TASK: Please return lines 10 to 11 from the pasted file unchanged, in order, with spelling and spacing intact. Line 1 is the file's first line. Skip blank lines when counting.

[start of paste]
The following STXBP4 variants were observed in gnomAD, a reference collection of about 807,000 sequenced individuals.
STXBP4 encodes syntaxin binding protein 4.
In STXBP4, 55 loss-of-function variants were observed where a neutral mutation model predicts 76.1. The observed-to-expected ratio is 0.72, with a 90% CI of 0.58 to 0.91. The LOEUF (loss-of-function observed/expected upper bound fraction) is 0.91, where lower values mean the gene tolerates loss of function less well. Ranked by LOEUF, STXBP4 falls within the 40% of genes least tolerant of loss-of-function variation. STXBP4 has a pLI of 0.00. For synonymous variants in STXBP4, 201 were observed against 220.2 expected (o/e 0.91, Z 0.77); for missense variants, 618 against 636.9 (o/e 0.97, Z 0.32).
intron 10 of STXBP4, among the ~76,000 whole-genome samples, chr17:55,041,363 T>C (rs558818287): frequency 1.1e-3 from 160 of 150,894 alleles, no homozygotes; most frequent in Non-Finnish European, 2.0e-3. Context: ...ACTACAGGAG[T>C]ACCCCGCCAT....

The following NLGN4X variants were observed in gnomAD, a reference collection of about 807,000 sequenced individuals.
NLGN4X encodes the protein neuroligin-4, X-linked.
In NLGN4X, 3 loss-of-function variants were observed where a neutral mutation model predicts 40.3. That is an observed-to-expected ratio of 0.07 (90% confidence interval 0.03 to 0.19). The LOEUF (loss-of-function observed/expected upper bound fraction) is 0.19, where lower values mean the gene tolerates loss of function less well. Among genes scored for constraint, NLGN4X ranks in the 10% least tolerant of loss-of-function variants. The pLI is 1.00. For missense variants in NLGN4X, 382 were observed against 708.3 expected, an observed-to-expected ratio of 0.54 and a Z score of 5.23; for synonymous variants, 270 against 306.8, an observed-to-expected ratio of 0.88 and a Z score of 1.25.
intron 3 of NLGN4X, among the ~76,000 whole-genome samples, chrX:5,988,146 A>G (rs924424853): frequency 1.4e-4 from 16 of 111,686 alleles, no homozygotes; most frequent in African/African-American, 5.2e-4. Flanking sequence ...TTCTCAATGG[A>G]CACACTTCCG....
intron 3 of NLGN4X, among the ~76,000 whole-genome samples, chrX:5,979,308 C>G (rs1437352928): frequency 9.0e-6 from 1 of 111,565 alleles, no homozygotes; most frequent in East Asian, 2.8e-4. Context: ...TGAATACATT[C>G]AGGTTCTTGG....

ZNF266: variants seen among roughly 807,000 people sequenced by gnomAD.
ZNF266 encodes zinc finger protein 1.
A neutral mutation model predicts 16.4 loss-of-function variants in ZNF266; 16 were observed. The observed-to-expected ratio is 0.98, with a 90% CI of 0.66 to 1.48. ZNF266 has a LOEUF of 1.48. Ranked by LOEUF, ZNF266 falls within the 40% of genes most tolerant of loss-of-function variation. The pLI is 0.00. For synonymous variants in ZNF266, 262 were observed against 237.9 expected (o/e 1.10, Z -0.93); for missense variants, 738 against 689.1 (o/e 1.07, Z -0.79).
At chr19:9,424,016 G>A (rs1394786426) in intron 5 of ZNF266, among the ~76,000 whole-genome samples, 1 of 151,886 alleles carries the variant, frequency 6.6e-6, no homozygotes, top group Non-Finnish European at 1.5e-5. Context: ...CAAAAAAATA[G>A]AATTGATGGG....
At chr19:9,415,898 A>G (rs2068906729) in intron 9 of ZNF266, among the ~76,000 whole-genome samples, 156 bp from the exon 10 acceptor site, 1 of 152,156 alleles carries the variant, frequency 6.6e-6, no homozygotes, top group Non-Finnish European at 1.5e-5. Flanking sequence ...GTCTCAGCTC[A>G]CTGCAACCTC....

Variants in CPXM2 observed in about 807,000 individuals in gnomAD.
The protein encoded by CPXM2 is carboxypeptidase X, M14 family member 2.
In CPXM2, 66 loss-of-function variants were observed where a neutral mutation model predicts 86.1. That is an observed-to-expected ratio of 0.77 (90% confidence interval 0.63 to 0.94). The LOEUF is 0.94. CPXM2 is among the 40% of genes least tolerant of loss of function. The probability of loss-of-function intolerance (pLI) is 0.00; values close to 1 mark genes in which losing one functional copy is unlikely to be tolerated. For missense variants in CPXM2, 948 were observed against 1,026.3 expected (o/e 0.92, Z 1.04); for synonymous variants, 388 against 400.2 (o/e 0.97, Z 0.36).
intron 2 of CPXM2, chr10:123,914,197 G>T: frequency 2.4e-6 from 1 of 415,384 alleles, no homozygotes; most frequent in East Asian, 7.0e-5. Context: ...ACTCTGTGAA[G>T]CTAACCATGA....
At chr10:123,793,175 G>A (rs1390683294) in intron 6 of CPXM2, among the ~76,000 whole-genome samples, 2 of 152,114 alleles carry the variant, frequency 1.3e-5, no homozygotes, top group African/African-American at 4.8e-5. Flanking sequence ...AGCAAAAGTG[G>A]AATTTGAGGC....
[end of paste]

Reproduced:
ZNF266: variants seen among roughly 807,000 people sequenced by gnomAD.
ZNF266 encodes zinc finger protein 1.